Fluid-Attenuated Inversion Recovery (FLAIR) Signal Intensity Can Identify Stroke Within 6 and 8 Hours

John Legge, Ada Graham, Shailesh Male, David Copeland, Richard Lee, Nitin Goyal, Ramin Zand

Research output: Contribution to journalArticle

3 Citations (Scopus)

Abstract

Background: Patients with wake-up or unknown time of onset stroke are usually excluded from recanalization. However, a few studies indicate that some magnetic resonance sequences can help predict time from symptom onset (SxO). Our goal was to assess the value of fluid-attenuated inversion recovery (FLAIR) signal intensity ratio (SIR) in identifying patients within 6 and 8 hours of stroke onset. Materials and Methods: We studied consecutive acute stroke patients with known time of onset who underwent magnetic resonance imaging (MRI) within 48 hours of SxO. SIR was calculated as the value of the FLAIR signal intensity of the identified area of infarction divided by the signal intensity in the homologous contralateral side of the brain. Results: Out of 160 patients included in this study, 72 and 80 patients had MRI within 6 and 8 hours of SxO, respectively. We found a positive correlation between SIR and time from SxO (Pearson coefficient, .63). Receiver operating characteristic curves indicated that SIR ≤ 1.18 could accurately identify patients within 6 hours of SxO (86% sensitivity, 79% specificity) and a SIR ≤ 1.20 can be identified within 8 hours (89% sensitivity, 76% specificity). Among patients with no visible FLAIR hyperintensity, 83% (95% CI, 77%-89%) were within the 6-hour window. Conclusion: Quantitative assessment of FLAIR sequence can be used to identify patients within 6 and 8 hours of stroke onset.

Original languageEnglish (US)
JournalJournal of Stroke and Cerebrovascular Diseases
DOIs
StateAccepted/In press - Sep 16 2016

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Stroke
Magnetic Resonance Imaging
Sequence Inversion
Sensitivity and Specificity
ROC Curve
Infarction
Magnetic Resonance Spectroscopy
Brain

All Science Journal Classification (ASJC) codes

  • Surgery
  • Rehabilitation
  • Clinical Neurology
  • Cardiology and Cardiovascular Medicine

Cite this

Fluid-Attenuated Inversion Recovery (FLAIR) Signal Intensity Can Identify Stroke Within 6 and 8 Hours. / Legge, John; Graham, Ada; Male, Shailesh; Copeland, David; Lee, Richard; Goyal, Nitin; Zand, Ramin.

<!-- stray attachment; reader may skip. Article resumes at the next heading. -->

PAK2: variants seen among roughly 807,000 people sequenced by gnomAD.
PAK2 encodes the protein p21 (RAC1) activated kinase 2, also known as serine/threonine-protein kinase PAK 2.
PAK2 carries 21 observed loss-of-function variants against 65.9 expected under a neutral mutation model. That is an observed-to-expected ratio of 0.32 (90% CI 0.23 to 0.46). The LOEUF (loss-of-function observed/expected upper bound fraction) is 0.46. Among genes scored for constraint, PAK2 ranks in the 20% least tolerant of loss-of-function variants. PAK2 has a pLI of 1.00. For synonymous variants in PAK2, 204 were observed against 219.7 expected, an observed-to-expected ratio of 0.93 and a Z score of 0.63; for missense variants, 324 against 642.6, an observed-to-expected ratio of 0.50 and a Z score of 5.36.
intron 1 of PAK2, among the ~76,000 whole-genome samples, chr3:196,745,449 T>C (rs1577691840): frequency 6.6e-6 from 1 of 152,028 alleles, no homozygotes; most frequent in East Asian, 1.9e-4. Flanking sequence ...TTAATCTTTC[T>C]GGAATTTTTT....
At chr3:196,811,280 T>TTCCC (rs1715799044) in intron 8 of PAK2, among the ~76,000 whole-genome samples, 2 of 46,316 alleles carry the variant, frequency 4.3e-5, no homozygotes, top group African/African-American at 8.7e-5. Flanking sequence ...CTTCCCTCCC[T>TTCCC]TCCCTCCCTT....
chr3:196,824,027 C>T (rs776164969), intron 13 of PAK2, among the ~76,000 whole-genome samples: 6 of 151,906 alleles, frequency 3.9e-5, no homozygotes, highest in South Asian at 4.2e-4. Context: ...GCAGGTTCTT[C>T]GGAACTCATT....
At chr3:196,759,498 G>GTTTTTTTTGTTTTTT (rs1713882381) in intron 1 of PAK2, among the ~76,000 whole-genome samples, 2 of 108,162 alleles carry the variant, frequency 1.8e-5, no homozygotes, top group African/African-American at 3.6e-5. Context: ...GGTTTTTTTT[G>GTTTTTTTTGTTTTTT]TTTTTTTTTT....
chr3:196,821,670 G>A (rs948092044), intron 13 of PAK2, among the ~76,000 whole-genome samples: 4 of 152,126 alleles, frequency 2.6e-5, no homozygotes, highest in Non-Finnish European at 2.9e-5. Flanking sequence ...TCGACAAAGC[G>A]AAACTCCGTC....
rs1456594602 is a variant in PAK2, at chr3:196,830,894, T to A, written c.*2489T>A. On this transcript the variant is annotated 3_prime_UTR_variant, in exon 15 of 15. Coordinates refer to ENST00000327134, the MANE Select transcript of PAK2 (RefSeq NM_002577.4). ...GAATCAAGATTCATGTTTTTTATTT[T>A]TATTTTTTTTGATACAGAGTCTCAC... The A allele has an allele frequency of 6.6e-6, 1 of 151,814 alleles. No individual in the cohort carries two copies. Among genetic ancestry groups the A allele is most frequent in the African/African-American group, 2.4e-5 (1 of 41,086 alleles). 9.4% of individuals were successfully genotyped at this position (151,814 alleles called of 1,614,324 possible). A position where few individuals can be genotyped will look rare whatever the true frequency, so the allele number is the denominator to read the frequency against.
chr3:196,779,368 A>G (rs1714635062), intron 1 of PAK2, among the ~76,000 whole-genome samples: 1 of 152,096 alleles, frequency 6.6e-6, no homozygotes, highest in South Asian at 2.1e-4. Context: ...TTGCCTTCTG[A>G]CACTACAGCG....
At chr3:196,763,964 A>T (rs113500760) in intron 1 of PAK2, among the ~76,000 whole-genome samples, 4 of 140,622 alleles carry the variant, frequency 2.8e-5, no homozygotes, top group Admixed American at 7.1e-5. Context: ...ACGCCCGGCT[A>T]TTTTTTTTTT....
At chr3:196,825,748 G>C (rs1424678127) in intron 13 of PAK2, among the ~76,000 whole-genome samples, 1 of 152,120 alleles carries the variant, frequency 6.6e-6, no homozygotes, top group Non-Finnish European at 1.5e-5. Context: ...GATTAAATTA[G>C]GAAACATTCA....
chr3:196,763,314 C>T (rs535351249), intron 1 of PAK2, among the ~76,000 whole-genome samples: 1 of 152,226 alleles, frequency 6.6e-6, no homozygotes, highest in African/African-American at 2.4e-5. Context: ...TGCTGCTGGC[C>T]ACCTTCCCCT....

In: Journal of Stroke and Cerebrovascular Diseases, 16.09.2016.

Research output: Contribution to journalArticle

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abstract = "Background: Patients with wake-up or unknown time of onset stroke are usually excluded from recanalization. However, a few studies indicate that some magnetic resonance sequences can help predict time from symptom onset (SxO). Our goal was to assess the value of fluid-attenuated inversion recovery (FLAIR) signal intensity ratio (SIR) in identifying patients within 6 and 8 hours of stroke onset. Materials and Methods: We studied consecutive acute stroke patients with known time of onset who underwent magnetic resonance imaging (MRI) within 48 hours of SxO. SIR was calculated as the value of the FLAIR signal intensity of the identified area of infarction divided by the signal intensity in the homologous contralateral side of the brain. Results: Out of 160 patients included in this study, 72 and 80 patients had MRI within 6 and 8 hours of SxO, respectively. We found a positive correlation between SIR and time from SxO (Pearson coefficient, .63). Receiver operating characteristic curves indicated that SIR ≤ 1.18 could accurately identify patients within 6 hours of SxO (86{\%} sensitivity, 79{\%} specificity) and a SIR ≤ 1.20 can be identified within 8 hours (89{\%} sensitivity, 76{\%} specificity). Among patients with no visible FLAIR hyperintensity, 83{\%} (95{\%} CI, 77{\%}-89{\%}) were within the 6-hour window. Conclusion: Quantitative assessment of FLAIR sequence can be used to identify patients within 6 and 8 hours of stroke onset.",